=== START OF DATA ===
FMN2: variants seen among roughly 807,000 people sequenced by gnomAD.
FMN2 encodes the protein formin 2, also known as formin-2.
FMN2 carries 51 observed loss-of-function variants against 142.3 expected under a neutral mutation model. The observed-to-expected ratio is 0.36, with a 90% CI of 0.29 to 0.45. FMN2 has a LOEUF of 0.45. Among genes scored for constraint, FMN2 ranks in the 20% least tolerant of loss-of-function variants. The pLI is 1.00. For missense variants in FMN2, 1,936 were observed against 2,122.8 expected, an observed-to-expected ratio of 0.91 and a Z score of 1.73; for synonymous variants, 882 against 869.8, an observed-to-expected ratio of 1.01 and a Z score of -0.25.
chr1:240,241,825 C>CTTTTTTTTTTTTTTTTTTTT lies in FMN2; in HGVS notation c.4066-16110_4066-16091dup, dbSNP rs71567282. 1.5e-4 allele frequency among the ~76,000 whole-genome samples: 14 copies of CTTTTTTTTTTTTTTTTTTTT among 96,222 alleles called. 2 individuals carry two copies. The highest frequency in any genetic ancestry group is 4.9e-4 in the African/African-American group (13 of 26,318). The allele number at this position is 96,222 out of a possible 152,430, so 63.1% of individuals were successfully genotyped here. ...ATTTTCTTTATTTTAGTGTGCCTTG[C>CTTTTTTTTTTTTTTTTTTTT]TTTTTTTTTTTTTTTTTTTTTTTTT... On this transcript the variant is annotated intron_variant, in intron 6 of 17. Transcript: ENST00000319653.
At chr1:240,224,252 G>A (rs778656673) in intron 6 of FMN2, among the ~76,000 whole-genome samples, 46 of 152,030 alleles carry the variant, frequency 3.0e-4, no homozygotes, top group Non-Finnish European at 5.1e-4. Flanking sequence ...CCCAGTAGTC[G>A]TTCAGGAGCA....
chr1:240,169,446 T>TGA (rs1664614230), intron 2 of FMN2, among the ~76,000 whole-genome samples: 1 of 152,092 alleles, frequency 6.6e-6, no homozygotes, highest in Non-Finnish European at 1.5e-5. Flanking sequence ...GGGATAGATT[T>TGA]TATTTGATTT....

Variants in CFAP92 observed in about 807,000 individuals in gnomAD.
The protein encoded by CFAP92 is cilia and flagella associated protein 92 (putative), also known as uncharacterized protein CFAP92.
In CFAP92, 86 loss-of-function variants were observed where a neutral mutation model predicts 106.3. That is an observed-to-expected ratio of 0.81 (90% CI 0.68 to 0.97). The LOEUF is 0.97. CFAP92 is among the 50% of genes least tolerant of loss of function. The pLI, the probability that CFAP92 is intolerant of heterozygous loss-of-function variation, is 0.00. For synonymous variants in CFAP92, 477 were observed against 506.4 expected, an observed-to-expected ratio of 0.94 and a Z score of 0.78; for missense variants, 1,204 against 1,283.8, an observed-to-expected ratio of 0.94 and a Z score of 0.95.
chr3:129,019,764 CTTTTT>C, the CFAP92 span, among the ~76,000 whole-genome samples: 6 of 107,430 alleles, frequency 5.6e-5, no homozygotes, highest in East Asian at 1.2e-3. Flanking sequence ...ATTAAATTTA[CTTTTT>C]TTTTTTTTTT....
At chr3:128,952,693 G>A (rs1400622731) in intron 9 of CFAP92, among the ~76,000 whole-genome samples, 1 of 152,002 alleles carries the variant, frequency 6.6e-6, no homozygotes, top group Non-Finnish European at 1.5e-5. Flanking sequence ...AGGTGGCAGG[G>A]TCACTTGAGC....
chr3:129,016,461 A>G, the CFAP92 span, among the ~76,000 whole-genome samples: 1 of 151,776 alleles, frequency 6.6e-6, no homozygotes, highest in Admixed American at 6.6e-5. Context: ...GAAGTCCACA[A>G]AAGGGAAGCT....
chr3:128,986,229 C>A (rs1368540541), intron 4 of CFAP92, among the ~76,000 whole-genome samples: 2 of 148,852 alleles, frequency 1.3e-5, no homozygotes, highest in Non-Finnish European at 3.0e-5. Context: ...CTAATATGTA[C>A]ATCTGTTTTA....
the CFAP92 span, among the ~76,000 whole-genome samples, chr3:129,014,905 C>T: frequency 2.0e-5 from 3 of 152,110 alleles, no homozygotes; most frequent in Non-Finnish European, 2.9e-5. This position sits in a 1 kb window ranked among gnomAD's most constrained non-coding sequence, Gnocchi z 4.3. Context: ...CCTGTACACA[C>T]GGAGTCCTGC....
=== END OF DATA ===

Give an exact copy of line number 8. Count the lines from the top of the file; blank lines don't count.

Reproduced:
The protein encoded by CFAP92 is cilia and flagella associated protein 92 (putative), also known as uncharacterized protein CFAP92.